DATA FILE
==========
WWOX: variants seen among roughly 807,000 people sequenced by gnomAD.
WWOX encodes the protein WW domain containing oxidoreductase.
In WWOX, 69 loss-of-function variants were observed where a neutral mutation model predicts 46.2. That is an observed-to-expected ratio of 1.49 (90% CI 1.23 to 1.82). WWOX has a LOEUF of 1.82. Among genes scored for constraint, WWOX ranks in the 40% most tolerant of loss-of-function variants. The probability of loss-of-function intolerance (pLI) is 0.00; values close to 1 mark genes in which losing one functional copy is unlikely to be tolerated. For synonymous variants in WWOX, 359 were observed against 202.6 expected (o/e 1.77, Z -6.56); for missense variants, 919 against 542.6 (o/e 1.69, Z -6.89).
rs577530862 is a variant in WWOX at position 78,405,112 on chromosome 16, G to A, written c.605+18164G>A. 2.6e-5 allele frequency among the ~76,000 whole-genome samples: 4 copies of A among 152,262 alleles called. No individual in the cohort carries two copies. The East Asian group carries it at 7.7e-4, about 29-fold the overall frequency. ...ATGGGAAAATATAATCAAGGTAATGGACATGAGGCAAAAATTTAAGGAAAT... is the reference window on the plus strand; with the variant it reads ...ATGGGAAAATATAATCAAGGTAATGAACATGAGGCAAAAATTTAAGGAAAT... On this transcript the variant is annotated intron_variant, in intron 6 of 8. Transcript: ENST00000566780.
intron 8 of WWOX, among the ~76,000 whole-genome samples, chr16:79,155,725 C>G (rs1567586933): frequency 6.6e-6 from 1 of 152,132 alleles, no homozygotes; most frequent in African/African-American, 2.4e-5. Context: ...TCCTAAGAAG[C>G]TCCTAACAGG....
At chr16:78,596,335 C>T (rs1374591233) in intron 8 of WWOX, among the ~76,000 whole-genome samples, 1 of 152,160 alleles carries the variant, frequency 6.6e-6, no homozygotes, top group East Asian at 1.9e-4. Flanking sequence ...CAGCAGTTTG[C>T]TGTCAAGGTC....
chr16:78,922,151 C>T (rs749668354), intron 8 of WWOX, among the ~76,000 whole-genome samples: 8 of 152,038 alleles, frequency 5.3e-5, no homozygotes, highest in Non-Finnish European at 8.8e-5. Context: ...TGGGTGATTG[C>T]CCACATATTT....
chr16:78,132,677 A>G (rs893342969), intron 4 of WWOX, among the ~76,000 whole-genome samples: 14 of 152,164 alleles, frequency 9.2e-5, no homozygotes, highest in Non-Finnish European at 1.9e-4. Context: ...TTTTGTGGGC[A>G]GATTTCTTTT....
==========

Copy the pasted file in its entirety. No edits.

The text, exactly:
WWOX: variants seen among roughly 807,000 people sequenced by gnomAD.
WWOX encodes the protein WW domain containing oxidoreductase.
In WWOX, 69 loss-of-function variants were observed where a neutral mutation model predicts 46.2. That is an observed-to-expected ratio of 1.49 (90% CI 1.23 to 1.82). WWOX has a LOEUF of 1.82. Among genes scored for constraint, WWOX ranks in the 40% most tolerant of loss-of-function variants. The probability of loss-of-function intolerance (pLI) is 0.00; values close to 1 mark genes in which losing one functional copy is unlikely to be tolerated. For synonymous variants in WWOX, 359 were observed against 202.6 expected (o/e 1.77, Z -6.56); for missense variants, 919 against 542.6 (o/e 1.69, Z -6.89).
rs577530862 is a variant in WWOX at position 78,405,112 on chromosome 16, G to A, written c.605+18164G>A. 2.6e-5 allele frequency among the ~76,000 whole-genome samples: 4 copies of A among 152,262 alleles called. No individual in the cohort carries two copies. The East Asian group carries it at 7.7e-4, about 29-fold the overall frequency. ...ATGGGAAAATATAATCAAGGTAATGGACATGAGGCAAAAATTTAAGGAAAT... is the reference window on the plus strand; with the variant it reads ...ATGGGAAAATATAATCAAGGTAATGAACATGAGGCAAAAATTTAAGGAAAT... On this transcript the variant is annotated intron_variant, in intron 6 of 8. Transcript: ENST00000566780.
intron 8 of WWOX, among the ~76,000 whole-genome samples, chr16:79,155,725 C>G (rs1567586933): frequency 6.6e-6 from 1 of 152,132 alleles, no homozygotes; most frequent in African/African-American, 2.4e-5. Context: ...TCCTAAGAAG[C>G]TCCTAACAGG....
At chr16:78,596,335 C>T (rs1374591233) in intron 8 of WWOX, among the ~76,000 whole-genome samples, 1 of 152,160 alleles carries the variant, frequency 6.6e-6, no homozygotes, top group East Asian at 1.9e-4. Flanking sequence ...CAGCAGTTTG[C>T]TGTCAAGGTC....
chr16:78,922,151 C>T (rs749668354), intron 8 of WWOX, among the ~76,000 whole-genome samples: 8 of 152,038 alleles, frequency 5.3e-5, no homozygotes, highest in Non-Finnish European at 8.8e-5. Context: ...TGGGTGATTG[C>T]CCACATATTT....
chr16:78,132,677 A>G (rs893342969), intron 4 of WWOX, among the ~76,000 whole-genome samples: 14 of 152,164 alleles, frequency 9.2e-5, no homozygotes, highest in Non-Finnish European at 1.9e-4. Context: ...TTTTGTGGGC[A>G]GATTTCTTTT....